6. Use images – the right images.
It’s social media 101 to tell you that images get more engagement on social media. Let’s take things a step further. Should you share stock photos? Maybe, if you add an interesting text overlay. What about animated gifs? Well, those seem to do well, according to Social Fresh and Quick Sprout:
Images of actual people have also been shown to attract more attention than stock photos. If you’re in a how-to niche, consider creating a series of steps made into one image – kind of a visual tutorial. Those often get unusually high share counts.
7. Write good headlines.
A headline makes or breaks a post. That’s a blog post or Facebook post, or any other content format that’s got a headline. Follow these rules if they help you write an irresistible headline. Ignore them if they don’t.
- Use “You”.
- Use numbers, especially odd numbers.
- Ask a question (especially if it’s a question your audience has asked).
- Don’t write clickbait headlines (deceptive headlines that misrepresent what the content is about).
- Write several headlines (like up to 20). Then pick the best one.
8. Offer a quiz.
Quizzes are some of the most viral content out there. And not only do you get the rush of exposure from the quiz itself, but then you get to announce the final results of the quiz in a blog post or another piece of content. Each question of the quiz could be spun into social media updates on every platform. That makes for lots of content.
Bonus idea: Contests work well, too.
9. Partner with a non-profit.
Use the same trick multinational companies have been leveraging for decades: Partner with a feel-good organization to improve your reputation. Even if your company already has a good rep, partnering up with the right nonprofit can’t do anything but make things better.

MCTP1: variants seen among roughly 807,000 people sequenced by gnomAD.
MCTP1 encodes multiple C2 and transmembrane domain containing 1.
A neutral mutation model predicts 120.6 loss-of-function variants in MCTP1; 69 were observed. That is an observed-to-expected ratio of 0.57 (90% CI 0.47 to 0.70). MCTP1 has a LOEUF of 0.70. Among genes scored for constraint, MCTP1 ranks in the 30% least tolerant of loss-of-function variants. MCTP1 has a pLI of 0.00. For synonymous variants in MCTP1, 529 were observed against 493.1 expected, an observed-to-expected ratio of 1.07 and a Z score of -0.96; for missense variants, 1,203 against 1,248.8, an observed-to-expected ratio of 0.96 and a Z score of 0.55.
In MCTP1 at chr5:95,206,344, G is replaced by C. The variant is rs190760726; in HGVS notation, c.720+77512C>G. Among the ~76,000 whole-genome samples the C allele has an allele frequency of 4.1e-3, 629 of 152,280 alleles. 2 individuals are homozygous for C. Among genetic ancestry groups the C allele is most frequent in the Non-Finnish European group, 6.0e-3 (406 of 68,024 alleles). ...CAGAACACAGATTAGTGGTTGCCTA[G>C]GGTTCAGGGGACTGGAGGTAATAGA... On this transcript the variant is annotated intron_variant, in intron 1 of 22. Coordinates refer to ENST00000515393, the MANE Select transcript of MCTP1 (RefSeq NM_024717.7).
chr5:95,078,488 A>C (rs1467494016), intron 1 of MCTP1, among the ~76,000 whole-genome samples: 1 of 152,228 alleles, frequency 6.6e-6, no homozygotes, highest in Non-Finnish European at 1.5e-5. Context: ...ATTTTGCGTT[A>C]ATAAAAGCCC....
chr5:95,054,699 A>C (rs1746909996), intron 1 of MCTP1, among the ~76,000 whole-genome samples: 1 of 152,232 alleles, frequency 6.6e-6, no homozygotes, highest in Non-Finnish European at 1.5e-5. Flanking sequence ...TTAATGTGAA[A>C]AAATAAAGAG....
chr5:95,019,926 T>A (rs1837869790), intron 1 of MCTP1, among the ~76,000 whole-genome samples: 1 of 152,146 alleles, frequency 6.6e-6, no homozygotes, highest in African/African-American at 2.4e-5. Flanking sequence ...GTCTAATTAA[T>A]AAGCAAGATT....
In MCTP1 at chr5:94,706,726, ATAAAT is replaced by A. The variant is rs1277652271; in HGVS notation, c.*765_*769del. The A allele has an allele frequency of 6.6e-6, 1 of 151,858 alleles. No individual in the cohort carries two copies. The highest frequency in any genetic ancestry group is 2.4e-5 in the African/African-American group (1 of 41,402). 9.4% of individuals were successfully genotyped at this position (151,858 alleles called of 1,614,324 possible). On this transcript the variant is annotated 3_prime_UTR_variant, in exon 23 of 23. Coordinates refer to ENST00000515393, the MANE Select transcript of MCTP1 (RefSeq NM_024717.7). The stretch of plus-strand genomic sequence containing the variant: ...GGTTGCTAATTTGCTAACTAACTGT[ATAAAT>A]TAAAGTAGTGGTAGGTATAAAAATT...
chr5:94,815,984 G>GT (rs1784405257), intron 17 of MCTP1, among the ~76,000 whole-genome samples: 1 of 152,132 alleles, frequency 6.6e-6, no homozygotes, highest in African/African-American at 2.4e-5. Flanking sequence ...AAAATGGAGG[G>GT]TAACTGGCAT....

But does this work on social media? You bet. Especially if you can support an event or two with the nonprofit. Each event is a bonanza of social media photo ops and feel-good moments.
10. Leverage a trend on social media.
If you’re super-fast, you can be like the Oreo cookies social marketers and “dunk in the dark” when the SuperBowl lost power. If you’re a little slower on the uptake, find a trend like the ice bucket challenge, or play off of something like Movember. There are plenty of opportunities. Every holiday is a chance to reach a larger audience.
That’s just the start of all the ways you could get more engagement with your social media posts. I didn’t even get to gamification or other major trends.
But what about you? What have you done lately that boosted engagement with social media content? Come on… tell us about it in the comments. Dive into some of that Level five engagement.